CHINESE NBS PMIs (WED): The latest Chinese PMI data is due next week in which participants will be eyeing whether there is a rebound in activity in the world’s second largest economy from the dismal figures seen in October. As a reminder, the prior releases missed forecasts in which headline Official Manufacturing PMI showed a surprise contraction at 49.2 vs. Exp. 50.0 (Prev. 50.1) and with the Non-Manufacturing PMI at 48.7 vs. Exp. 50.2 (Prev. 50.6). The decline in factory activity was a result of a contraction across all sub-indices, including the Production Index which fell to 49.6 from 51.5, while there was also a deterioration in New Orders and Employment which fell to 48.1 and 48.3, respectively. As for the Non-Manufacturing PMI, this was hampered by weakness in the services industry and a contraction in New Orders for Construction, while some have suggested that the data could worsen in November amid rising COVID infections, fresh containment efforts across several key cities and potentially softer export demand.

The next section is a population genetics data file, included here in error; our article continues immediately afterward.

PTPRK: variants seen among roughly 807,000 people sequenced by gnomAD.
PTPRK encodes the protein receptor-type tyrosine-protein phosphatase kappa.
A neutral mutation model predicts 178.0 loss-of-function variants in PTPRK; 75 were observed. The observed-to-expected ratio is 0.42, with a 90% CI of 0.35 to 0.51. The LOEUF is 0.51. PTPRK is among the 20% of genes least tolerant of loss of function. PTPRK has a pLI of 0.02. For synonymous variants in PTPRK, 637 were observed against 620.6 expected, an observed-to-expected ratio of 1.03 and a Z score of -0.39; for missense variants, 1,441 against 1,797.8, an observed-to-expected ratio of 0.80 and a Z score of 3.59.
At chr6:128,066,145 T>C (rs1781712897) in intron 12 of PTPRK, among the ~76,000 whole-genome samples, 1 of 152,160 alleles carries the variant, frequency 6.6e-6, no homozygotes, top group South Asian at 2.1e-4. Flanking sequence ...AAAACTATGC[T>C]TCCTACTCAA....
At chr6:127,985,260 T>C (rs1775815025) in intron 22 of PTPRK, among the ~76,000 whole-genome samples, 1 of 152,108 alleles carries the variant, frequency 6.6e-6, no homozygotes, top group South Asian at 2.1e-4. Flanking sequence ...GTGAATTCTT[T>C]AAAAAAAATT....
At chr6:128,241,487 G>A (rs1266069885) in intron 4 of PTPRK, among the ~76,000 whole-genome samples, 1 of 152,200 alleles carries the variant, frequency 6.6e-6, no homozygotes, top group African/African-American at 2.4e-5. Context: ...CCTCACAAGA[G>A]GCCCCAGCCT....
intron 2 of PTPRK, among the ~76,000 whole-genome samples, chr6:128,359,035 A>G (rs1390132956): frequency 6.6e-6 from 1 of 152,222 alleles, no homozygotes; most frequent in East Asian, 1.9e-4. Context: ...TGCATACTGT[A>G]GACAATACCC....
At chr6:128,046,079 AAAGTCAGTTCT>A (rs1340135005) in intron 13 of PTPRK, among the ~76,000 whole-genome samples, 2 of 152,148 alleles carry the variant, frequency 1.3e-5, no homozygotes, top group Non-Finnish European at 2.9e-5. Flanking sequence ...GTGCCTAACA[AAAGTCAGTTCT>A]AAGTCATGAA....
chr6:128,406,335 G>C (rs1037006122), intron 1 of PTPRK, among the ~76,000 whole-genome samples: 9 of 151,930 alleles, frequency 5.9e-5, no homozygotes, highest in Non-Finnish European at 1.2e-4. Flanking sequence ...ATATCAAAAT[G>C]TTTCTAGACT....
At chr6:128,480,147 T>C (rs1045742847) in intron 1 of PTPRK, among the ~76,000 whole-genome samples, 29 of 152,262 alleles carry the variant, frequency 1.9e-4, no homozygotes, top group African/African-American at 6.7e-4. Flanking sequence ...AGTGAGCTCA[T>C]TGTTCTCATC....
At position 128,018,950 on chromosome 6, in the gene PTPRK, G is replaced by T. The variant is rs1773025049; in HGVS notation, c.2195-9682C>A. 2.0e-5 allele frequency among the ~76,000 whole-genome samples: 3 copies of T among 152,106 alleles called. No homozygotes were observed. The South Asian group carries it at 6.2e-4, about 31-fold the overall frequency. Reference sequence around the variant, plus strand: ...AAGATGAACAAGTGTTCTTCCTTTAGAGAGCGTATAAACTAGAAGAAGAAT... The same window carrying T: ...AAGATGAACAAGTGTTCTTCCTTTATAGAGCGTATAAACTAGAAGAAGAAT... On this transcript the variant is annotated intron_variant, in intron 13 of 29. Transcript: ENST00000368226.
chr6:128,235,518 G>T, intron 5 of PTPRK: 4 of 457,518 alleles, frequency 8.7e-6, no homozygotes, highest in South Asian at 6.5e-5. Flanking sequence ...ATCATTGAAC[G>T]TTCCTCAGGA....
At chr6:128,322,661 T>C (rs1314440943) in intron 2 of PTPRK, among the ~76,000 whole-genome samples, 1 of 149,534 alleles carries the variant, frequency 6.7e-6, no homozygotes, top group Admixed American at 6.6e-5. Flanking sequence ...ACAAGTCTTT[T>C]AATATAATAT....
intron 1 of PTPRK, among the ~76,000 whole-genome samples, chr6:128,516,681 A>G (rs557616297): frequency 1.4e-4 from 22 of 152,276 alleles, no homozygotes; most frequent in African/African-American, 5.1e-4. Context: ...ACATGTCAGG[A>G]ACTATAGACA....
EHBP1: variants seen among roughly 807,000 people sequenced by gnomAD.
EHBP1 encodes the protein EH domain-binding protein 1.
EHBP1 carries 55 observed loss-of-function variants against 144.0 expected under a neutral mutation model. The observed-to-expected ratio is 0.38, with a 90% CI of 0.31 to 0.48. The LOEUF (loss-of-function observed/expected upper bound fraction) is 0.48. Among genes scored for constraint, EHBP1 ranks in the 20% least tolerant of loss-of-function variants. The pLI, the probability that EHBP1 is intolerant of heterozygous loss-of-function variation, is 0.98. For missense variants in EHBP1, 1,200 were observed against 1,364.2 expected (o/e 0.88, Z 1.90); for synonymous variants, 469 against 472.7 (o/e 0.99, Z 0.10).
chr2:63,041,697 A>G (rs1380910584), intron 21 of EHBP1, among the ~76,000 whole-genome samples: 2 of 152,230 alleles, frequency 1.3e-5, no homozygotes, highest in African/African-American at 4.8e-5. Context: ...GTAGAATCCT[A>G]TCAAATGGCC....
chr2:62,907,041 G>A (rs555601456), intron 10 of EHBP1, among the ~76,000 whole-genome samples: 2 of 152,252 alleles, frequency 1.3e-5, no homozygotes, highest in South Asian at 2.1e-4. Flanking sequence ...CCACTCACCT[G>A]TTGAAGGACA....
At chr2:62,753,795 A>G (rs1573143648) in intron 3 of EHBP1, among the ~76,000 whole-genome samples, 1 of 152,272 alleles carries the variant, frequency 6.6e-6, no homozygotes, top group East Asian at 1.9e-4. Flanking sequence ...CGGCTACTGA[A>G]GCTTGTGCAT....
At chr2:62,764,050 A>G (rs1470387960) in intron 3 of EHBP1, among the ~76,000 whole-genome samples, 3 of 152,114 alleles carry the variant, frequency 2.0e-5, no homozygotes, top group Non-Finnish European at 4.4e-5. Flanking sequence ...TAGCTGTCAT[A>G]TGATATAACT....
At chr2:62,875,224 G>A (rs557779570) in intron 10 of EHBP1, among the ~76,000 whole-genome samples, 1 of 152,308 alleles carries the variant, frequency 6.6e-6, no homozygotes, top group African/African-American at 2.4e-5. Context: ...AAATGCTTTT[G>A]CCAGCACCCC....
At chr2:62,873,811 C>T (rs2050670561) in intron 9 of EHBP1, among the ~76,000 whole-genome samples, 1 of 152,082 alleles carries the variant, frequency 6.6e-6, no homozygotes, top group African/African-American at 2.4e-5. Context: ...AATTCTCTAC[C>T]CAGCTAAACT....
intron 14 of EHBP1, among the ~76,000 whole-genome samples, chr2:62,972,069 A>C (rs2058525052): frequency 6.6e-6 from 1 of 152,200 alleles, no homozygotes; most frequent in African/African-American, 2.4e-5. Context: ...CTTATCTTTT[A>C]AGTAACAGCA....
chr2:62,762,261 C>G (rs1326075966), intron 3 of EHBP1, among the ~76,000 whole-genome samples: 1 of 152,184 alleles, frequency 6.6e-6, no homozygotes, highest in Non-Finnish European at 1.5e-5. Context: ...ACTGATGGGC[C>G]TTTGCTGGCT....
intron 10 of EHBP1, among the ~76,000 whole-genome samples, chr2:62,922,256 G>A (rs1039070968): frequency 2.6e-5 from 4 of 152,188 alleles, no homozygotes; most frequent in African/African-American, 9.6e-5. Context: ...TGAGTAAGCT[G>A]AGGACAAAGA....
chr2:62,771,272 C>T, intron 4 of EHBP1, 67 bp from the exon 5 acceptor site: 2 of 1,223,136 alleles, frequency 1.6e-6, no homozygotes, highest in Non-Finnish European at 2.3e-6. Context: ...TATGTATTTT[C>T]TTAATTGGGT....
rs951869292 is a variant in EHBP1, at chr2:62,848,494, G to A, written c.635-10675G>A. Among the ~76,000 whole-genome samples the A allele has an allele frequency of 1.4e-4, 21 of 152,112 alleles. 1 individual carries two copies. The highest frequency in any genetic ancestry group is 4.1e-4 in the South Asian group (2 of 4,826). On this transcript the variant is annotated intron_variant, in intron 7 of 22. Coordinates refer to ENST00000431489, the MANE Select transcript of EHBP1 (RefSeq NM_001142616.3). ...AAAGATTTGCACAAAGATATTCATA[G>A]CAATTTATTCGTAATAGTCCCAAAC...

EUROZONE CPI (WED): Headline Y/Y HICP for November is expected to cool to 10.4% from 10.6% with the core (ex-food and energy) Y/Y rate expected to decline to 6.3% from 6.4%. The prior report saw the headline rate of price growth driven by increasing consumer energy prices and food inflation, whilst the core metric was bolstered by goods inflation. This time around, some moderation in the rate of price pressures is expected with the key focus for the market being on how this will impact ECB thinking ahead of the December meeting. As it stands, a Reuters survey shows 45/62 respondents expect the deposit rate to be raised by 50bps, with 14 favouring 75bps and the remaining three looking for 25bps. Recent commentary from ECB policymakers has suggested that a stepdown to a 50bps increment could be on the cards with Portugal's Centeno suggesting that 75bps interest rate hikes cannot be the norm and he sees a lower increase in December. Even Germany's Nagel has conceded that a 50bps move would be "strong". That said, his influential German counterpart Schnabel recently stated that “market expectations of a pivot have worked against [the ECB’s] efforts to withdraw policy accommodation; a statement which ING suggests "was a clear pushback against any notion of the ECB materially slowing its tightening process". Accordingly, ING suggests that the upcoming release could "tip the balance in the ECB’s decision".